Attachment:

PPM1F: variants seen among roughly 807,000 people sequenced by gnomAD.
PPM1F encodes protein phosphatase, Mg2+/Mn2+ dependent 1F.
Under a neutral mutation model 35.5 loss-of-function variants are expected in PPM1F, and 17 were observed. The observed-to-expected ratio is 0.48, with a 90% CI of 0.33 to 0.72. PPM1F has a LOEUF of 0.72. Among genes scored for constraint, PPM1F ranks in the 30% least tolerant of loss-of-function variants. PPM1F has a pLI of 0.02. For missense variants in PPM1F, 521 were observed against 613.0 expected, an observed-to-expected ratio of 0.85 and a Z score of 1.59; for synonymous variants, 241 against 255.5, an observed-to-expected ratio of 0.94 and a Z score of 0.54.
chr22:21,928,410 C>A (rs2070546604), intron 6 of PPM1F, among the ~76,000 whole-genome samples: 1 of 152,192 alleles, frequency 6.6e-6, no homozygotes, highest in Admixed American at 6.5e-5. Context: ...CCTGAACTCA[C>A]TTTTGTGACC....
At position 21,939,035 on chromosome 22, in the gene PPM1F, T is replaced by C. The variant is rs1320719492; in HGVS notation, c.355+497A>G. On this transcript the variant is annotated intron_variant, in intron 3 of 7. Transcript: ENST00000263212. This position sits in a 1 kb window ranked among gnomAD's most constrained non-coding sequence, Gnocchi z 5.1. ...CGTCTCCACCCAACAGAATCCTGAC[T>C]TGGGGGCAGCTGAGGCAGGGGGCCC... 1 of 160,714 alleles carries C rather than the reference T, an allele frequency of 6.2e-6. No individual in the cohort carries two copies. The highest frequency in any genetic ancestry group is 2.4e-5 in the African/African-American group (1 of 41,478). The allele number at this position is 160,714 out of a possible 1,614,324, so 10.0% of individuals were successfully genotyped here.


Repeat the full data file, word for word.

PPM1F: variants seen among roughly 807,000 people sequenced by gnomAD.
PPM1F encodes protein phosphatase, Mg2+/Mn2+ dependent 1F.
Under a neutral mutation model 35.5 loss-of-function variants are expected in PPM1F, and 17 were observed. The observed-to-expected ratio is 0.48, with a 90% CI of 0.33 to 0.72. PPM1F has a LOEUF of 0.72. Among genes scored for constraint, PPM1F ranks in the 30% least tolerant of loss-of-function variants. PPM1F has a pLI of 0.02. For missense variants in PPM1F, 521 were observed against 613.0 expected, an observed-to-expected ratio of 0.85 and a Z score of 1.59; for synonymous variants, 241 against 255.5, an observed-to-expected ratio of 0.94 and a Z score of 0.54.
chr22:21,928,410 C>A (rs2070546604), intron 6 of PPM1F, among the ~76,000 whole-genome samples: 1 of 152,192 alleles, frequency 6.6e-6, no homozygotes, highest in Admixed American at 6.5e-5. Context: ...CCTGAACTCA[C>A]TTTTGTGACC....
At position 21,939,035 on chromosome 22, in the gene PPM1F, T is replaced by C. The variant is rs1320719492; in HGVS notation, c.355+497A>G. On this transcript the variant is annotated intron_variant, in intron 3 of 7. Transcript: ENST00000263212. This position sits in a 1 kb window ranked among gnomAD's most constrained non-coding sequence, Gnocchi z 5.1. ...CGTCTCCACCCAACAGAATCCTGAC[T>C]TGGGGGCAGCTGAGGCAGGGGGCCC... 1 of 160,714 alleles carries C rather than the reference T, an allele frequency of 6.2e-6. No individual in the cohort carries two copies. The highest frequency in any genetic ancestry group is 2.4e-5 in the African/African-American group (1 of 41,478). The allele number at this position is 160,714 out of a possible 1,614,324, so 10.0% of individuals were successfully genotyped here.